Whitburn, South Tyneside
48 Front St, Whitburn, Sunderland SR6 7JF
Place of Worship
Grade II Listed
15 Jun 2020
Whitburn Parish Church
This is a
Current status is
'A parish church on the south side of the village, behind the main street. Consists of an aisled five-bay nave, with west tower, a three-bay chancel without aisles, and a south porch. It seems to be agreed that most of the medieval fabric is early 13th century, suggesting that the chancel was built later than the nave, with the upper part of the tower being added in the 15th century. The principal post-medieval alterations were the replacement of all the windows except the vesica-shaped light in the south aisle, and the removal of a short spire from the tower. Damaged by unsympathetic restoration of 1865-8, though Surtees also notes a thorough repair before 1820.' - Sitelines
'The church is an old Gothic structure, with a tower, surmounted by a short spire. It was lately repaired and altered, and is now a neat and comfortable place of worship. The old raftered roof of the nave is covered by a modern ceiling, the dim mullioned windows are modernized under square labels, the floor raised with lime rubbish, and the church warmed by a stove. The whole is very handsomely pewed.
The most singular monument in this church is mentioned by both Hutchinson and Surtees. Upon an altar tomb lies a recumbent effigy of a plump, stout, elderly gentleman, in the full stiff dress of 1689; a full periwig, neckcloth with square ends, coat with large buckramed skirts, wide sleeve,s rolled breeches, and square laced shoes, with huge bows of ribands; the head rests on a pillow, and the right hand holds the book open at the text, “I shall not lye here but rise;” there is a skull between the feet. On the uprights of the tomb are represented, in bas relief, the same figure kneeling, with a lady in a corresponding dress on each side of him; on the east and west uprights texts of scripture. A tablet, placed against the wall, informs us that this is “The burial place of Mr Michael Mathew of Cleadon, and his wife, who had issue three sons and two daughters, of which only Hannah survives.”'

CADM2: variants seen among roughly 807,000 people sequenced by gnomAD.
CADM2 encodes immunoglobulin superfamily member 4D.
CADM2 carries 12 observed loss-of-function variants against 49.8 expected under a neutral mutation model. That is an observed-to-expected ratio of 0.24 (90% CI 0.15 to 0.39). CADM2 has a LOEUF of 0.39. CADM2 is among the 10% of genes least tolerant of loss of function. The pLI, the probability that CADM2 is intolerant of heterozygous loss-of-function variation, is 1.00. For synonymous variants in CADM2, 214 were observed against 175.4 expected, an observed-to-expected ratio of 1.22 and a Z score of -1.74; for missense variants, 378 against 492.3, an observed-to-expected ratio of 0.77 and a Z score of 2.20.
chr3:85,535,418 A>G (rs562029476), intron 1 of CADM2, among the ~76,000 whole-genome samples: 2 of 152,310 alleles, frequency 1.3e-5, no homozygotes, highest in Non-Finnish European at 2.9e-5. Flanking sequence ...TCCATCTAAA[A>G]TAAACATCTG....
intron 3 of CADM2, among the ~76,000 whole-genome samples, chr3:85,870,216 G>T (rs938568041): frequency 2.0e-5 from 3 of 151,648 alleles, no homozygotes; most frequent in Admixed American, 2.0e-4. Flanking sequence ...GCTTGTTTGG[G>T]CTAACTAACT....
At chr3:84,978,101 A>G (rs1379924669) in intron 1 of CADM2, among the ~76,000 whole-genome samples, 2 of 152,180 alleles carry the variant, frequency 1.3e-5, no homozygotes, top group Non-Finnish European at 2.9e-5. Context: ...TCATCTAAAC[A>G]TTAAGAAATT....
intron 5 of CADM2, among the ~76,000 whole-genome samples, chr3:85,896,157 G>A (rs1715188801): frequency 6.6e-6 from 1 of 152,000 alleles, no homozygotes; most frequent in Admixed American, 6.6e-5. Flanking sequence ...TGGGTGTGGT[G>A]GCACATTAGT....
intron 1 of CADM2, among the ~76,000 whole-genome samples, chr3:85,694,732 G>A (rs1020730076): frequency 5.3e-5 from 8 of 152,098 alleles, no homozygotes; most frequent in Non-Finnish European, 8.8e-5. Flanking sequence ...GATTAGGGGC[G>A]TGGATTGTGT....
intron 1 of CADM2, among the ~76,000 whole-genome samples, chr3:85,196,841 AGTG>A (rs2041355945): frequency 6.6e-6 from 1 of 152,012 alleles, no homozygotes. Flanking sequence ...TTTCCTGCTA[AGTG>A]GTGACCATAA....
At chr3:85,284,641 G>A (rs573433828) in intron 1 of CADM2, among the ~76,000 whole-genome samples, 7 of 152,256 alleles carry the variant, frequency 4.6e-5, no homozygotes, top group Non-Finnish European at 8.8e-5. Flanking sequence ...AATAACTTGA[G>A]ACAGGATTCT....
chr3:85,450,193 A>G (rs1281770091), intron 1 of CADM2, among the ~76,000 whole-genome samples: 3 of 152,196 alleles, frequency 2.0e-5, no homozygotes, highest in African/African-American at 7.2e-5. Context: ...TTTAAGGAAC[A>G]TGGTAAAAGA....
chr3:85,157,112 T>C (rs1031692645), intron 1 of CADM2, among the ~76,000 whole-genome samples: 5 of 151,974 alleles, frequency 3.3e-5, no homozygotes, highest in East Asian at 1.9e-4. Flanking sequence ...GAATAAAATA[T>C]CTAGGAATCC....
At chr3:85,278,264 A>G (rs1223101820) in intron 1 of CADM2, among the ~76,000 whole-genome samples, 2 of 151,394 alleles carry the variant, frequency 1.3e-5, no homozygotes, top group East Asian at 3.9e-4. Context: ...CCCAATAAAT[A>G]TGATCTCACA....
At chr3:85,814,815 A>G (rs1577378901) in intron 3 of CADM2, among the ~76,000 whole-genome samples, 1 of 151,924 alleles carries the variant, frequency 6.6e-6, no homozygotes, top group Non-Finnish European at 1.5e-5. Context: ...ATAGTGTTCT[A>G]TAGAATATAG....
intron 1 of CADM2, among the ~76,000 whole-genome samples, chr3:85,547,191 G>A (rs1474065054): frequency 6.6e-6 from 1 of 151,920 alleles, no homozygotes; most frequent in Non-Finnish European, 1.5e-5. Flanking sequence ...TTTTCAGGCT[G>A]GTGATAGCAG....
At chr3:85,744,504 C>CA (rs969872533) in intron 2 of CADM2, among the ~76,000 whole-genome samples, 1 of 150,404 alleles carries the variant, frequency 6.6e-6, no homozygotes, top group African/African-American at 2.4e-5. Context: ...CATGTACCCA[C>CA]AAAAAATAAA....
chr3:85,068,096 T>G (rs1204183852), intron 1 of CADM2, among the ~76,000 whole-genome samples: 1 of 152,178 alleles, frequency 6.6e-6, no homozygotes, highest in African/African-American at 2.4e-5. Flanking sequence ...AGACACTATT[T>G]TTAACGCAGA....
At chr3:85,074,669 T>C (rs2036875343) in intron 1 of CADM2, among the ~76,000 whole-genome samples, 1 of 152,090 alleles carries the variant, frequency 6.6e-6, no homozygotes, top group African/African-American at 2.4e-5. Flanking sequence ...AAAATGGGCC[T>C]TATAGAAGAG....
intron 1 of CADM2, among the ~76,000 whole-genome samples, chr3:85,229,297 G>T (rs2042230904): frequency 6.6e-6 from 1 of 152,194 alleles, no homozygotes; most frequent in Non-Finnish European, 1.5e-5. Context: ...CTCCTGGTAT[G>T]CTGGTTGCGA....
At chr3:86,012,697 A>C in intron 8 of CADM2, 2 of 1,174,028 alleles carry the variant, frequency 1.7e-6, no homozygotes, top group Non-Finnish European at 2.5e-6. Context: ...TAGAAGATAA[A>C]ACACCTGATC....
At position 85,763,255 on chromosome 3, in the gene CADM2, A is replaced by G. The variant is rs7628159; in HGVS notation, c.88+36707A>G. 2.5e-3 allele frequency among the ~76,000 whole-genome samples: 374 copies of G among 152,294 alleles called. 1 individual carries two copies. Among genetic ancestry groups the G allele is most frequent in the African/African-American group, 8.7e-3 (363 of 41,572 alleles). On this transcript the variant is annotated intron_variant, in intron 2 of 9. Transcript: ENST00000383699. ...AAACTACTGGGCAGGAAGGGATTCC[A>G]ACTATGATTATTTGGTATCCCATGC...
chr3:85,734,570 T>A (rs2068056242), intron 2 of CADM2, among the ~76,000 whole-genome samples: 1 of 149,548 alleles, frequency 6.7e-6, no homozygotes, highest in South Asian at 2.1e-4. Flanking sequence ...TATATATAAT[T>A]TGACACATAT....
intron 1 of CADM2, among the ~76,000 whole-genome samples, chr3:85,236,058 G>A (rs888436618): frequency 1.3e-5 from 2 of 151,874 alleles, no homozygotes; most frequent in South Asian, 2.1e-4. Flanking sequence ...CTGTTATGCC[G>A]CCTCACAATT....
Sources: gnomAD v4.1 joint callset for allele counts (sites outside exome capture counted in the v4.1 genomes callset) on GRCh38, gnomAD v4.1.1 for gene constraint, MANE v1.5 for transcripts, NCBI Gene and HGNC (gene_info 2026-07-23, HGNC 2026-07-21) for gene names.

- Eneas MacKenzie, 1827
Whitburn Parish Church can be seen on both editions through the 19th century. The Church is to the south of the main thoroughfare on the road to the Lifeboat house. Whitburn was very rural at this point, with the church surrounded by greenery and Whitburn Hall.
Even the second edition does not exhibit much change. A second quarry was constructed but that is the extent of industry in Whitburn at this time.
Whitburn in 1921 is beginning to evolve into a small built up area. Terraced housing can be seen to the north of the village a small settlement has been constructed at the gas works to the south. The Chapel is still in the centre of the village as it is today.
Photograph of Whitburn Parish Church, 1890. The photograph could easily have been taken today as the site looks very much the same.
Retrieved from Co-Curate
Illustration of Whitburn Parish Church, undated.
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